The ICJ issued yesterday an advisory opinion on «LEGAL CONSEQUENCES OF THE SEPARATION OF THE CHAGOS ARCHIPELAGO FROM MAURITIUS IN 1965 » in which it finds that the “the process of decolonization of Mauritius was not lawfully completed when that country acceded to independence in 1968, following the separation of the Chagos Archipelago » and that « the United Kingdom is under an obligation to bring to an end its administration of the Chagos Archipelago as rapidly as possible».

Here are some brief comments on 1) the decision by the ICJ to exercise discretion and 2) the substance of the opinion.

In terms of the exercise of discretion to issue the advisory opinion, I must say I have sympathy for the view expressed by a number of States during the proceedings, and which can be found in the views of Judges Tomka and Donaghue, that this advisory opinion is a way to circumvent the fact that the United Kingdom and Mauritius have a bilateral territorial dispute and that the UK has not consented to having it settled in a contentious manner by the ICJ. Of course, one can regret that international law still works on the evil consent-based system, but that’s the way it is.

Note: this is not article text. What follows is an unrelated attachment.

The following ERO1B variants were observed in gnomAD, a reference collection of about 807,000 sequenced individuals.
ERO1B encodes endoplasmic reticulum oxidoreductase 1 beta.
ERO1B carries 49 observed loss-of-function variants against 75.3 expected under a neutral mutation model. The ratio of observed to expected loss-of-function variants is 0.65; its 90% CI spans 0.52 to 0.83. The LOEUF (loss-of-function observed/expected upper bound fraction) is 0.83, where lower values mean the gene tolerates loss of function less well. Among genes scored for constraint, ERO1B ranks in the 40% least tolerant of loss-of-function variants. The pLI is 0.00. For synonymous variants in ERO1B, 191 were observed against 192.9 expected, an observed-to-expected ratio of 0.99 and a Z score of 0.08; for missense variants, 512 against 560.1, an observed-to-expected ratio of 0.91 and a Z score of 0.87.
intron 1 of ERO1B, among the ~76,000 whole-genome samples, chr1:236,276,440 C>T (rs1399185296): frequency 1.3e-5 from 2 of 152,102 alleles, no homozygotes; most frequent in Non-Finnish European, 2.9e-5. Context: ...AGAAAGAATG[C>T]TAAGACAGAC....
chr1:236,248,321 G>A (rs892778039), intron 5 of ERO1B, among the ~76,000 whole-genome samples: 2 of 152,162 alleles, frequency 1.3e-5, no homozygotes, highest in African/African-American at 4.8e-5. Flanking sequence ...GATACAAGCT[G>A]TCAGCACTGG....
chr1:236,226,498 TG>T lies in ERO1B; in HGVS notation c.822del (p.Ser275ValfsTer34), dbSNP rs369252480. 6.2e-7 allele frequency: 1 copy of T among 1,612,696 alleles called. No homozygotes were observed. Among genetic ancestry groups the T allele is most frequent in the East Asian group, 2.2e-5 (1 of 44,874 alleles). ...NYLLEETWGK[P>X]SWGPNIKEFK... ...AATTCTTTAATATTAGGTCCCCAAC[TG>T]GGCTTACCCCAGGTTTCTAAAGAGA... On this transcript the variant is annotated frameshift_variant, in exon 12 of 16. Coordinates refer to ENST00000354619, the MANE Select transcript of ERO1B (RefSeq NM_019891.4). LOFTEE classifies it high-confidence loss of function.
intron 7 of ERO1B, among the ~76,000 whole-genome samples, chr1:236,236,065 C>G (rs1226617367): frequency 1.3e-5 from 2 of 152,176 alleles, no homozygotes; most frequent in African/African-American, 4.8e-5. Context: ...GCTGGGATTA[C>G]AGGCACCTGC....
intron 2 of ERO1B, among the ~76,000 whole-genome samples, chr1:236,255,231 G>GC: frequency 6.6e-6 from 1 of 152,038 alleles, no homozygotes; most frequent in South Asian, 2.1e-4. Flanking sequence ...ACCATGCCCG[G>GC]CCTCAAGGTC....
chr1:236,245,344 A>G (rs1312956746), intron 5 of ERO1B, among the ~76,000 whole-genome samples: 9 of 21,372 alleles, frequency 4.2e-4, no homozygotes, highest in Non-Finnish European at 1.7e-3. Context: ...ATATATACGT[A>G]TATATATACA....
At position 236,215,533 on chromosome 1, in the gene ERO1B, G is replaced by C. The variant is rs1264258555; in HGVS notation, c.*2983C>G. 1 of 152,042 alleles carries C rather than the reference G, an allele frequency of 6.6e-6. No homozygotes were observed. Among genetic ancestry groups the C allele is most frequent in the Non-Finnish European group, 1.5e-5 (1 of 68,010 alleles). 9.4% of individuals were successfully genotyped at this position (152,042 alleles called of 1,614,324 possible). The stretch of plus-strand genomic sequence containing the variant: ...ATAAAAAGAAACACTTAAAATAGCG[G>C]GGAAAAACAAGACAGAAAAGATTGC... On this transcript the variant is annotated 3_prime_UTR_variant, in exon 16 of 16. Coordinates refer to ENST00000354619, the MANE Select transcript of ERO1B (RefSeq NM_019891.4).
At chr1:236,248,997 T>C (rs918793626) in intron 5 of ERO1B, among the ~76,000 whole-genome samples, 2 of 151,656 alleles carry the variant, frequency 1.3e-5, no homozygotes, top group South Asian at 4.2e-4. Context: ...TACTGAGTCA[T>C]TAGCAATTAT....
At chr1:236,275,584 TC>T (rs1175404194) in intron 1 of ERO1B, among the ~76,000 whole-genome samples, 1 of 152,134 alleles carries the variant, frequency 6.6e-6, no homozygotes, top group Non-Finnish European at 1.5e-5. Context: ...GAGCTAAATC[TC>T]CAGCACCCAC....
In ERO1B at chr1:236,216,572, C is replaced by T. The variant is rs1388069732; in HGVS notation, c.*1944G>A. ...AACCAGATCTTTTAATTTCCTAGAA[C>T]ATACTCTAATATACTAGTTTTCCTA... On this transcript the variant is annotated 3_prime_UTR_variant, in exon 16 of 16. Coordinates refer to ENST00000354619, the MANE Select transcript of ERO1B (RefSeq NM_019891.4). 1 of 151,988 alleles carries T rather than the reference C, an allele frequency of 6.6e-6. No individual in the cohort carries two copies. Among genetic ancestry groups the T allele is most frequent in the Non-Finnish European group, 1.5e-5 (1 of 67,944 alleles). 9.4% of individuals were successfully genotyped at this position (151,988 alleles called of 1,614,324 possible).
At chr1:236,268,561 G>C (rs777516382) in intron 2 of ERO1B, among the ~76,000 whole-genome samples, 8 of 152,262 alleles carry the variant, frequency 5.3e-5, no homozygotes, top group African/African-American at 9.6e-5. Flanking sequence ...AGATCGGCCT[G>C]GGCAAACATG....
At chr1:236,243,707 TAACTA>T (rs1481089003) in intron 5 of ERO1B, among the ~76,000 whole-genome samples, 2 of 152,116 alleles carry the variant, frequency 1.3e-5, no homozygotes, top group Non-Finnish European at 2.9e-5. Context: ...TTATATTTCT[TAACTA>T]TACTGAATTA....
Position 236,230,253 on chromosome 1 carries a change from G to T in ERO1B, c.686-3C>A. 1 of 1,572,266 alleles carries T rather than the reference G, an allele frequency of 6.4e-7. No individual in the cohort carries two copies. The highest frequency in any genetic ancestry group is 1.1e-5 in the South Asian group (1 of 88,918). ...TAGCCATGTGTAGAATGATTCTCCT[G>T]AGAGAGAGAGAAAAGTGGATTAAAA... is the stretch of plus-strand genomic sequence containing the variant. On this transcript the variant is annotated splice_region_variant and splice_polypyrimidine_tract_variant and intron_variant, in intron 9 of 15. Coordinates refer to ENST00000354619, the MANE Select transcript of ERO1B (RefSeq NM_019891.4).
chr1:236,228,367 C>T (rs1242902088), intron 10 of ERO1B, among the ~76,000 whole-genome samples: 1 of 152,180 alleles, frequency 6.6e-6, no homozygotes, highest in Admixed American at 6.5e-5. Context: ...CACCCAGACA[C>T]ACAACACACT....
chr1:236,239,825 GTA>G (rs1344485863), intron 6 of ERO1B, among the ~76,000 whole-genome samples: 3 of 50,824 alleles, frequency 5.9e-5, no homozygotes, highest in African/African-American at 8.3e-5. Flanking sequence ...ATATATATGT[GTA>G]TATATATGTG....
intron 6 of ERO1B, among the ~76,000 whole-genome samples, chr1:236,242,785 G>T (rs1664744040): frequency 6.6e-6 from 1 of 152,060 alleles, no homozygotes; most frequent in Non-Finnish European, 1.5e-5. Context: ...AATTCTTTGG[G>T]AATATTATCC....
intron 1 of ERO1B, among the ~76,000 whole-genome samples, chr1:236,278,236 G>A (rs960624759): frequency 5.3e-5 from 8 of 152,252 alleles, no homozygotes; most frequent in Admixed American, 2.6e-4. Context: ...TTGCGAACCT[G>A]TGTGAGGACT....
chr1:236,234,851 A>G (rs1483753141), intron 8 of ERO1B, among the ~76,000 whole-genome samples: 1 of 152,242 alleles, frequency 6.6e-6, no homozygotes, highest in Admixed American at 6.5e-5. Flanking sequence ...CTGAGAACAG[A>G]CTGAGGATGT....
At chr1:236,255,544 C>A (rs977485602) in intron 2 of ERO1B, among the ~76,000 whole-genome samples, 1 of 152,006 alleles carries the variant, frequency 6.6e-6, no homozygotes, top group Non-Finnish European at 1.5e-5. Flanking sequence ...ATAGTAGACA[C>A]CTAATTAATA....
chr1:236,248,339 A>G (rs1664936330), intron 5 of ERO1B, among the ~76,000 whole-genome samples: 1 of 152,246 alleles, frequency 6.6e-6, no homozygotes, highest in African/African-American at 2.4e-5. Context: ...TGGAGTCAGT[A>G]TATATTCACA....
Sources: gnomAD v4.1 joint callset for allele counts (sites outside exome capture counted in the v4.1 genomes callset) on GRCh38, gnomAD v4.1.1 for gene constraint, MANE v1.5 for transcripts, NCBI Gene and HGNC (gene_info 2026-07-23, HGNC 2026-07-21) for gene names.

The main opinion tries to get around this problem by claiming that « the issues raised by request are located in the broader frame of reference of decolonization, including the General Assembly’s role therein, from which those issues are inseparable » (par. 88). However, I don’t see how this changes anything. The reality is that the Judges have found that 1)  Chagos is part of Mauritius (although they don’t actually say it in explicit terms directly) (par. 174) and  2) the UK’s continued administration of the archipelago « constitutes a wrongful act entailing the international responsibility of that State » (par. 177), thereby essentially providing an « answer » to the bilateral dispute between the two States.